Category Archives: Employee Rights

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Ahead of Schedule? What Oregon’s Fair Work Week Bill Means to the Retail, Hospitality, and Food Service Industries

In case you didn’t know, Oregon enacted the “Fair Work Week” law, making it the first state to legally restrict the scheduling practices of employers in the service sector. The highlights include: an obligatory rest period for employees between shifts, written work schedules in advance of shifts, and additional pay for employees if employers want … Continue Reading

The NLRB/EEOC Landmine – When Does Offensive Speech Amount to Protected Activity?

Employers need to be on the lookout for instances of offensive employee speech, which may put them between a rock and a hard place as they navigate potential claims under either anti-discrimination laws or federal labor laws. You have probably heard that Google terminated an employee earlier this month for saying (among other things) that … Continue Reading

Spouse Swapping Not Cool for Police Officers, Says the Fifth Circuit

Just how much can you regulate a public employee’s off-duty conduct? In an interesting and rather frank opinion, the Fifth Circuit found a sheriff’s department could regulate deputies’ private conduct pretty broadly. In Brandon Coker and Michael Golden v. Julian Whittington and Charles Owens, two Louisiana sheriff’s deputies (Coker and Golden) were terminated for moving … Continue Reading

“Do You Kiss Your Mother With That Post?” Second Circuit Rules on Foul Facebook Post about Employer

The Second Circuit Court of Appeals stepped in to support the NLRB’s finding that an employee’s profanity-ridden social media posting about his employer (and his employer’s mother) was not so offensive that it went beyond the protections of the NLRA for union-related activity. This decision again shows the wide latitude given to employees to engage … Continue Reading

And NYC Makes Three: Massachusetts, Philadelphia, and New York City Ban Salary Inquiries

New York City will soon become the third jurisdiction to enact laws barring employers from asking a job applicant about former salaries. The goal? To eliminate one of the alleged sources of wage disparities between men and women in the workforce. NYC’s actions come on the heels of legislation in Massachusetts and Philadelphia. The new … Continue Reading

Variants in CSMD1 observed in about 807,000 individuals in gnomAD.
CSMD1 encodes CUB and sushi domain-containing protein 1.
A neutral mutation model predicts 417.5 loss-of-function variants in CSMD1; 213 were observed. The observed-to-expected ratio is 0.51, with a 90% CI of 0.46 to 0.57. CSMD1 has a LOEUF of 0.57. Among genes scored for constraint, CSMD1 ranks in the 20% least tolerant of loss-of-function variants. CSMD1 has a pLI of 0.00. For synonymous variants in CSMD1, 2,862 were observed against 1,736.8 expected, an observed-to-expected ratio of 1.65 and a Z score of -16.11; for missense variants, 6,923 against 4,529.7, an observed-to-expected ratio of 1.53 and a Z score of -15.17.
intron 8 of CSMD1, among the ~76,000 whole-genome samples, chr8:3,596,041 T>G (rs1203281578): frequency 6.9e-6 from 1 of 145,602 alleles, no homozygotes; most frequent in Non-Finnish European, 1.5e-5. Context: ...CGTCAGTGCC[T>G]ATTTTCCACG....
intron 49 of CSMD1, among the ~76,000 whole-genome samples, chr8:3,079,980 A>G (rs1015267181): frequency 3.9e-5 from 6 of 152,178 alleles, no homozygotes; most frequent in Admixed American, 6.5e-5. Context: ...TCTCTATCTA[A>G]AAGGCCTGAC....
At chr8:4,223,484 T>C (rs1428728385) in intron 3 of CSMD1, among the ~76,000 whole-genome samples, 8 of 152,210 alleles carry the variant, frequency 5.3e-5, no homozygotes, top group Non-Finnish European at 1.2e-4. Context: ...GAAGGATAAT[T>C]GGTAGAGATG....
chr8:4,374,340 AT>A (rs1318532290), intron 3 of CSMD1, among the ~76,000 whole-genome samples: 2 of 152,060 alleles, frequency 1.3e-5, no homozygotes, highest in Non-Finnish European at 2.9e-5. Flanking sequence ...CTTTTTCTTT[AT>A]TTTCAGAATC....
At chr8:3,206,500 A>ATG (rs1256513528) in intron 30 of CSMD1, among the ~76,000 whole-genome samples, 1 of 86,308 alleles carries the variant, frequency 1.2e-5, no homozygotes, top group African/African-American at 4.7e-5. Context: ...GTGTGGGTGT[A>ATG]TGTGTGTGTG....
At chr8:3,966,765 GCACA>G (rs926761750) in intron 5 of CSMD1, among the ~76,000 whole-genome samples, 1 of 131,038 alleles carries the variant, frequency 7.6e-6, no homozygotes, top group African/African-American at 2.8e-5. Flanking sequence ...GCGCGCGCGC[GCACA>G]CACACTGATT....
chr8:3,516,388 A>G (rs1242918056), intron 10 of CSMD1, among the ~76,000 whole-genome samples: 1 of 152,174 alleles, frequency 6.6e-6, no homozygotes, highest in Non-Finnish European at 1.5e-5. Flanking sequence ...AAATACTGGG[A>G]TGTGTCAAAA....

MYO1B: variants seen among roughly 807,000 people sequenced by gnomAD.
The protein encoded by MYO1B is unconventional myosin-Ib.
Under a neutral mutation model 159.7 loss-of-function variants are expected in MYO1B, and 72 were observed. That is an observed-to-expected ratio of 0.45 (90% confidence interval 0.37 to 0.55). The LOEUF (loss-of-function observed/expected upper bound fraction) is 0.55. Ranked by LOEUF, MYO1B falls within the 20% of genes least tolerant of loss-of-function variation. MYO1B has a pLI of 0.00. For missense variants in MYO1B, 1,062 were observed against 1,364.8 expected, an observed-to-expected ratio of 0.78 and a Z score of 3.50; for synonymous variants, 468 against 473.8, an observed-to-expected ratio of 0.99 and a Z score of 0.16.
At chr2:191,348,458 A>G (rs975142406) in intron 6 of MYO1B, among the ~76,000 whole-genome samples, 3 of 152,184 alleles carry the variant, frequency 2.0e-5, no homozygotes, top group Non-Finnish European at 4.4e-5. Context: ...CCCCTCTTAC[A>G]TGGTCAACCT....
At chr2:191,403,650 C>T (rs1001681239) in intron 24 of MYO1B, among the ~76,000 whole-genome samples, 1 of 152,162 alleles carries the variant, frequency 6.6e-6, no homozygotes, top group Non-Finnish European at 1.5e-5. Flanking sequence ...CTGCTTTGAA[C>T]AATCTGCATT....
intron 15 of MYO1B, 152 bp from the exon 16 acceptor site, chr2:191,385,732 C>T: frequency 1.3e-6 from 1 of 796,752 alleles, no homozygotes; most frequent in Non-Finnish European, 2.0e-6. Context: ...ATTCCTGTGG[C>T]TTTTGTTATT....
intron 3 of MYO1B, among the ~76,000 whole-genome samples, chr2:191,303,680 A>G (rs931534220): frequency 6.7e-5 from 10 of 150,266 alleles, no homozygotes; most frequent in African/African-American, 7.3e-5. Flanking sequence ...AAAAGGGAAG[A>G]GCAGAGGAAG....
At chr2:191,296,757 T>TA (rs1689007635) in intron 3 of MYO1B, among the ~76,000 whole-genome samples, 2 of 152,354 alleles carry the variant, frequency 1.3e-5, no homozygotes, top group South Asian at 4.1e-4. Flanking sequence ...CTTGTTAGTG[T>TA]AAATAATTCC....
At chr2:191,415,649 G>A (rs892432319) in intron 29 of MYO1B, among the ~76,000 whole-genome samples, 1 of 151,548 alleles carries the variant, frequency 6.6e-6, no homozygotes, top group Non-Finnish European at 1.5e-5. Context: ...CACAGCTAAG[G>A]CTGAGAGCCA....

Why Not Ask About Prior Pay? It’s Against the Law in Some Places and Dangerous Everywhere

Setting a new employee’s pay based on what he or she made at a prior job is a fairly common practice—but now an illegal one in Philadelphia, PA. You heard right, Philadelphia has banned questions about salary history. This local law follows a Massachusetts law (similar but not identical) aimed at closing the pay gap … Continue Reading

Class Warfare: Supreme Court Agrees to Hear Cases on Arbitration Class Action Waivers

The NLRB wants to stop class action waivers in employment arbitration agreements, arguing they violate the National Labor Relations Act. This issue has been raging for several years and divided federal courts. As reported in our November 2, 2015, blog post, the Fifth Circuit Court of Appeals upheld a class action waiver in the important Murphy Oil … Continue Reading

C’est La Vie: No ‘Right to Disconnect’ in U.S., But Non-Exempt Workers Must Be Paid for ‘Connected’ Time

Could a “right to disconnect” become law in the U.S.? France is trying it. Effective January 1, a new French law went into effect giving workers a “right to disconnect” when not at work. French employers with 50 or more employees have to adopt written policies restricting the hours that workers can send or receive … Continue Reading
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